*Today’s post is written by Nate Brooks and Anna Mondal, authors of the brand new mini-book Help! Our Sex Life Is Troubled By Past Abuse.
The next time you’re at church, take a look around. If the statistics hold true, twenty-five percent of the adults in the room either have been, are, or will become victims of sexual abuse. The majority of worshipers will not be in abusive relationships at the present time, but the pain of sexual violation doesn’t go away when the abuse stops. Dark shadows continue to be cast into the present.
God designed marriage to be a sharing of the fullness of yourself with another as two become one. This divine design means that the hurts and the horrors from the past naturally affect both spouses. No husband or wife can ever look at their spouse and say that challenges arising from sexual abuse is “your issue.” As soon as vows are exchanged, these challenges become “our issue.” If you are an abuse survivor’s spouse, you have the chance to image Christ as you “weep with those who weep” (Romans 12:15) and “remember…the mistreated, as though you yourselves were suffering bodily” (Hebrews 13:3). You have a unique, God-given opportunity to be God’s gift to your spouse as you both work to heal and grow.
Intimacy, The Fall, and Sexual Abuse
Sexual intimacy isn’t a human invention. Despite God’s relational blessing on humankind – “be fruitful and multiply” (Genesis 1:28), our first parents disobeyed God’s intent for their flourishing and sinned against him by listening to the deceiver’s voice. Their sin produced shame, fear, and hiding (Genesis 3:8-10) as they felt the need to cover up and run away from God. But Adam and Eve’s fall did not turn sex into something evil or ugly. God’s desire for humans to enjoy intimacy was not erased by the entrance of sin into the world (see Song of Songs). Even amid the world’s wreckage, God promised a Savior, a descendent of Adam and Eve, showing again God’s blessing on and delight in marital sex (Gen 3:16). In this post-fall world, we experience sin’s evil effects on sex, but also God’s offer of redeemed sexual intimacy.
The big story of the Bible is one of redemption. Though it is a book of hope, the Bible does not sanitize the ways in which human beings sexually exploit each another. A quick thumbing through of the Bible reveals stories of sexual assault, rape, incest, and other forms of sexual exploitation. Scripture names sexual abuse as a vile sin that happens in a broken world. Sexual abuse is not invisible to God, and that’s good news for people who need his help. A Bible that never mentions sexual abuse would be a Bible that leaves us wondering if God’s promises really applied to that particular evil.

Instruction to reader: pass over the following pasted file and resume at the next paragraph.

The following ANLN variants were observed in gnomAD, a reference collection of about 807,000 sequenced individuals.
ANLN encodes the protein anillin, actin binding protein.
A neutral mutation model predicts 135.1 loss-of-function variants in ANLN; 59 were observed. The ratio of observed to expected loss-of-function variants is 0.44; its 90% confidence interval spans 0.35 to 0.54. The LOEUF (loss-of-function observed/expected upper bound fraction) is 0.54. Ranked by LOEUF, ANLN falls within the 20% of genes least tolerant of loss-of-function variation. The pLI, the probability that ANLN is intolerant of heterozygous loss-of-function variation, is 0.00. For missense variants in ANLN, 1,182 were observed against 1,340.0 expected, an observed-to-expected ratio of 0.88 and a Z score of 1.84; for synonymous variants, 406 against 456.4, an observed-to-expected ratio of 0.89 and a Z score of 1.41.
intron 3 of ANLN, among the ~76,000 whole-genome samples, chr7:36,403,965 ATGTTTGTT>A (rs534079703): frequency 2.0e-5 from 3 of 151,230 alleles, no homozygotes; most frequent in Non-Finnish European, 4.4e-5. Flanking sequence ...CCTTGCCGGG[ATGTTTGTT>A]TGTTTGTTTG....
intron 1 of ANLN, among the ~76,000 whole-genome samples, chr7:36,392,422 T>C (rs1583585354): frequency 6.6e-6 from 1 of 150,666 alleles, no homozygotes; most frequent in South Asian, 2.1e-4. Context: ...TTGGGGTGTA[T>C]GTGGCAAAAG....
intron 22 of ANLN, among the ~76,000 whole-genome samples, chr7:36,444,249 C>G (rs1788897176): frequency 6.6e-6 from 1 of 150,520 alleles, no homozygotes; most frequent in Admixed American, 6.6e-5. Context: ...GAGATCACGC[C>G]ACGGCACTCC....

When we have questions about lingering pain from past sexual abuse, Scripture points us toward Jesus Christ. He suffered injustice, oppression, exploitation, and betrayal. At the cross, he endured agony as a man whose human soul and body felt every cruelty inflicted upon him. Christians worship a Savior who entered our world and suffered like us. Like abuse victims who may have been preyed upon by family or friends, Jesus knows what it’s like to be victimized by his own. He was abandoned and betrayed by his closest friends. He was tortured by authorities who should have upheld justice. Hebrews 4:15 reminds us that “we do not have a high priest who is unable to sympathize with our weaknesses, but One who has been tested in every way as we are, yet without sin.” Violent, shame-filled abuse is not a category foreign to God, but one that he personally endured in his own, incarnate human body.
Recognizing God’s real experience of horror and humiliation gives us hope that the Bible’s message of renewal applies to sufferers of sexual violence and their spouses. God is not in an ivory tower, clinically researching your pain from a distance. Rather, he personally knows pain and he knows what it’s like to be overwhelmed with sorrow (Matthew 26:38).
The Transformative Love of Christ
Our suffering savior is also our triumphant savior. His great love for us is transformative. When he sets his love on his bride, he works for her healing, liberation, beauty, and joy—and this brings him glory (see Isaiah 61:1-3). God gives us a glimpse of this in Ephesians 5:25-27:
Christ loved the church and gave himself for her to make her holy, cleansing her with the washing of water by the word. He did this to present the church to himself in splendor, without spot or wrinkle or anything like that, but holy and blameless.
Jesus’ love is self-giving and splendor-bringing. He doesn’t love us because we’re beautiful and holy, his love makes us beautiful and holy. Husbands specifically are called to love their wives just like this: “In the same way, husbands are to love their wives as their own bodies…provid[ing] and car[ing]…just as Christ does for the church” (Ephesians 5:28-29).
If you are a husband, you are called to love your wife like Christ by nourishing and cherishing her like you would your own body—because in the union of marriage she is your own body. If you are a wife, you’re called to joyfully receive this love as you honor your husband. If you’re a sexual abuse survivor who is part of Christ’s body, he is transforming you into wholeness, and he’s allowing your spouse to be part of the redemptive process. Married sexuality is a participation in the divine reality of God’s love. Take heart – your sexual flourishing matters to God because it reflects how intimately he cherishes his bride. And since it matters to God, his power will be working in you to help you move towards that flourishing.
 Peterson, C., DeGue, S., Florence, C., & Lokey, C. N. (2017). Lifetime economic burden of rape among U.S. adults. American Journal of Preventive Medicine, Advanced online publication. doi:10.1016/j. amepre.2016.11.014. See also https://www.who.int/reproductivehealth/publications/violence/VAW_infographic.pdf?ua=1.